Monday, March 15, 2010

How to help a family member who is addicted.

Fighting addiction can be a daunting, overwhelming and depressing battle. And, at the end of it all- only the addict themselves can, indeed, be in control. But that doesn't mean that you, as a loved family member or friend, can't help.

Interventionist Brad Lamm offers this advice to families who may be waiting for a loved one to hit rock bottom before they step in to help.

People who change rarely do so in a vacuum. They change with the support of others. Add to the mix a compulsive behavior that has a real physiological jolt to it—a rush, a high or a numbing out—and it's even that much harder again to begin change.

When it comes to facing a family member's addiction, like frogs, we come to accept greater and greater compromises until it becomes the easy way to live. We lull ourselves into thinking: "Tiger's okay. It's better lately." That thinking must stop and be replaced by this truth: "We will wait no longer nor try to beat the heat. We will act now in love, with purpose and a plan."

In Lamm's How to Change Someone You Love, his purpose was to turn the whole idea of change on its head and help Frogs jump and Tigers talk. Whether teaching or intervening, Lamm challenges families to start this process of change by jumping out of the increasingly costly situations they find themselves in.

The next step is that they throw out the myths that have kept them stuck in indecision in the first place:

Myth 1: He Has to Hit Bottom - The notion of hitting bottom is a lie. One compulsive addict Lamm had worked with described his urge to engage in his addictive behavior as all consuming. "I don't think straight for days at a time; it's like I'm crazy." He's in an altered state from it- a common occurrence- whatever the behavior. Why would we wait for him to think his way out of the problem? We don't need to. With some behavior, a "bottom" that people wait to hit is often someone, perhaps a spouse, or even a stranger, to get hurt. You can decide where the bottom is. You need not sink any further.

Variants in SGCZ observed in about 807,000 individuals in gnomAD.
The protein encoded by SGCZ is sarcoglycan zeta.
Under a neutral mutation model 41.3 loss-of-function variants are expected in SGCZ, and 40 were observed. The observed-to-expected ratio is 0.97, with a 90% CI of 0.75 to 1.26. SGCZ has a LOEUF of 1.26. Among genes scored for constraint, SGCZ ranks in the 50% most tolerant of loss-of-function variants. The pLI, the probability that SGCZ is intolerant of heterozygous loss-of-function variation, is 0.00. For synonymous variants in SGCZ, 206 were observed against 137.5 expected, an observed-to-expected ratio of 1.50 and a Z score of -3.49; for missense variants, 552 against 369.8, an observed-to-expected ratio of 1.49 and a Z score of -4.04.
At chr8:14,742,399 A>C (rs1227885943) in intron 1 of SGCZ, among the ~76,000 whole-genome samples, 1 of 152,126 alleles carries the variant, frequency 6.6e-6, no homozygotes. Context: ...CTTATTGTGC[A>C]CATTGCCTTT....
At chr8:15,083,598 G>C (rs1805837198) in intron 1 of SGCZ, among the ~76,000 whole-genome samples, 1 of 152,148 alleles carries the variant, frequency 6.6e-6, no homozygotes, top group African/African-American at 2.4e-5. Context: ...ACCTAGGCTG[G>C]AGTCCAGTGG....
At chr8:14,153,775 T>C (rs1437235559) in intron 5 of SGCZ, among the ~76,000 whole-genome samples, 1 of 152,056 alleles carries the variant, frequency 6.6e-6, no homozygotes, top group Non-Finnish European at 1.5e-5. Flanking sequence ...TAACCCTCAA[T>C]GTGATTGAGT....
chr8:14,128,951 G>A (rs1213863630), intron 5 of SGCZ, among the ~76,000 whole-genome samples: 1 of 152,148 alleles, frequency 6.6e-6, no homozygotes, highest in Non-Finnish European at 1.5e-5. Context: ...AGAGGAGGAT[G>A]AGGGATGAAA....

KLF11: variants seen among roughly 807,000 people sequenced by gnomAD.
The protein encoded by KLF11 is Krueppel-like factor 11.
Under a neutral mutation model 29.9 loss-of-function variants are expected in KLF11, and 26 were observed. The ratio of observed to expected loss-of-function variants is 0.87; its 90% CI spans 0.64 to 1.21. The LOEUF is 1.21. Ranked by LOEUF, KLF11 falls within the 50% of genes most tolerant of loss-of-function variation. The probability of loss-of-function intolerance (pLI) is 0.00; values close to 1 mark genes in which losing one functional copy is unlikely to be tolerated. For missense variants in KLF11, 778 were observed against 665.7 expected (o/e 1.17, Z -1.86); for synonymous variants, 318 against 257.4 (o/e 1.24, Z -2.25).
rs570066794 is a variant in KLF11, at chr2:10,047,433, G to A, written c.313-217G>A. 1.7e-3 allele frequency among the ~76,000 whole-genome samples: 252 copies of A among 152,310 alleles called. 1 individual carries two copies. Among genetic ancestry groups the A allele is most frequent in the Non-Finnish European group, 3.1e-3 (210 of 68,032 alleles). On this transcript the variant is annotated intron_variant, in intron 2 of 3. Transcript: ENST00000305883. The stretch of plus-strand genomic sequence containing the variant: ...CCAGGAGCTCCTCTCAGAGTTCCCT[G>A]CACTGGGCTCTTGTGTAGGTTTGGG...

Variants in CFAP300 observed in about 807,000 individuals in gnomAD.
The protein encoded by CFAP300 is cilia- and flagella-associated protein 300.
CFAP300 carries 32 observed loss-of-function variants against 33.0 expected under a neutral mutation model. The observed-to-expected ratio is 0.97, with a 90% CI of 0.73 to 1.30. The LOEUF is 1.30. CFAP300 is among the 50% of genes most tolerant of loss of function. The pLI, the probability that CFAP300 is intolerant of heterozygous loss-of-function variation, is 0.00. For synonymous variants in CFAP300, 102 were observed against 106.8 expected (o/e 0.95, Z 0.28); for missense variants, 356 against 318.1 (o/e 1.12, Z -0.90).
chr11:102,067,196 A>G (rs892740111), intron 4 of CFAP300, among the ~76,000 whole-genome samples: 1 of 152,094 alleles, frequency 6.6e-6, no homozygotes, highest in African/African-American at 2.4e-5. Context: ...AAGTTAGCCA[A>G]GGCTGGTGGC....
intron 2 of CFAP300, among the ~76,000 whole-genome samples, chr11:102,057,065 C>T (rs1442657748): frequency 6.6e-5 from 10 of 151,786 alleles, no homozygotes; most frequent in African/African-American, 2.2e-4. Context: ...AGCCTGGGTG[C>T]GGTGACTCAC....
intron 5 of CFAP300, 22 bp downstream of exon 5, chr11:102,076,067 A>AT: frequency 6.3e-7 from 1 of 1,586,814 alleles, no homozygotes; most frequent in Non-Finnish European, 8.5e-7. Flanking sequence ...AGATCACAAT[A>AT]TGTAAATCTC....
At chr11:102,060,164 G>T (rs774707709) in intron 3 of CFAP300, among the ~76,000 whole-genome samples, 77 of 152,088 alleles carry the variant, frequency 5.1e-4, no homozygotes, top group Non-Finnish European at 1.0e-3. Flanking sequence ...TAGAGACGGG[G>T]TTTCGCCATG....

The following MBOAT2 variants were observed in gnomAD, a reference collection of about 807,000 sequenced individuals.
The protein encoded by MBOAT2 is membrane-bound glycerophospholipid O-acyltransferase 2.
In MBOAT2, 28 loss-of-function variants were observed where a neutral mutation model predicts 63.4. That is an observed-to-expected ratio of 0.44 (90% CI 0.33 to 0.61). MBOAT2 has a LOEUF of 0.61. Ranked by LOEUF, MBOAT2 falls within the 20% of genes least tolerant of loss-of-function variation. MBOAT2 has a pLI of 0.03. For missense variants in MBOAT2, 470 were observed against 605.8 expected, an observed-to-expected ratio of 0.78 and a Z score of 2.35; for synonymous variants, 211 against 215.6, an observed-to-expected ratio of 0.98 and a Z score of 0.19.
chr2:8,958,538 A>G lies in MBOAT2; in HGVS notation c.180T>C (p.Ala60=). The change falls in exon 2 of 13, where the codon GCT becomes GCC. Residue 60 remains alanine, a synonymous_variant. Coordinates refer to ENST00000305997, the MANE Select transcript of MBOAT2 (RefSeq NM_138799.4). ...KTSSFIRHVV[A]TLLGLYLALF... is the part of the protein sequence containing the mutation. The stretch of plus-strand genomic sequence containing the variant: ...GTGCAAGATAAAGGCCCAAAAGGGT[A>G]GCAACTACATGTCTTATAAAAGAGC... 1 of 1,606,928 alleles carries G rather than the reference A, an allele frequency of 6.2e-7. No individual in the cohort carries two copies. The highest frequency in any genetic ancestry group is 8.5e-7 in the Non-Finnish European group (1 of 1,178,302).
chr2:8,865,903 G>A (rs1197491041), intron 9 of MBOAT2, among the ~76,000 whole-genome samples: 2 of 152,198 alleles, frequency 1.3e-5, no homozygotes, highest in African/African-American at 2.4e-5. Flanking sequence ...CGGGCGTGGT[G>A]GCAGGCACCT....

Myth 2: You Can't Change Someone - We are wonderful, adaptable, changeable creatures—and love is the greatest motivation of all for change. More than fear or danger. Love.

When Lamm takes an initial call from someone struggling to help a loved one, he all-too-often also hears the fear surrounding the myth that you can't change someone. It becomes his work to blow that lie out of the water. Lamm states, "If you care about someone who has a self-destructive problem, you are not powerless. In fact, the greatest power you have is the connectedness you have with your loved one. The human brain behaves like a 2-year old—tell it what to do, and it pushes back."

Instead, Lamm advises, invite your loved one into a family meeting. Combat the denial, the confusion and pain with love and your eyewitness accounts of the situation, and you're off to a strong start. Secrets and fear suck the oxygen out of the room when trying to enable change.

Fall into hope and love. It will serve you best.

Myth 3: You Can't Help Someone Unless He's Ready - Finally, Lamm challenges the myth that you cannot help someone begin change unless he's ready as nonsense. Through a loving invitation to change and family intervention, an addict can be helped to get ready.

While we may not agree with everything Lamm says, it at least challenges us to do something now.

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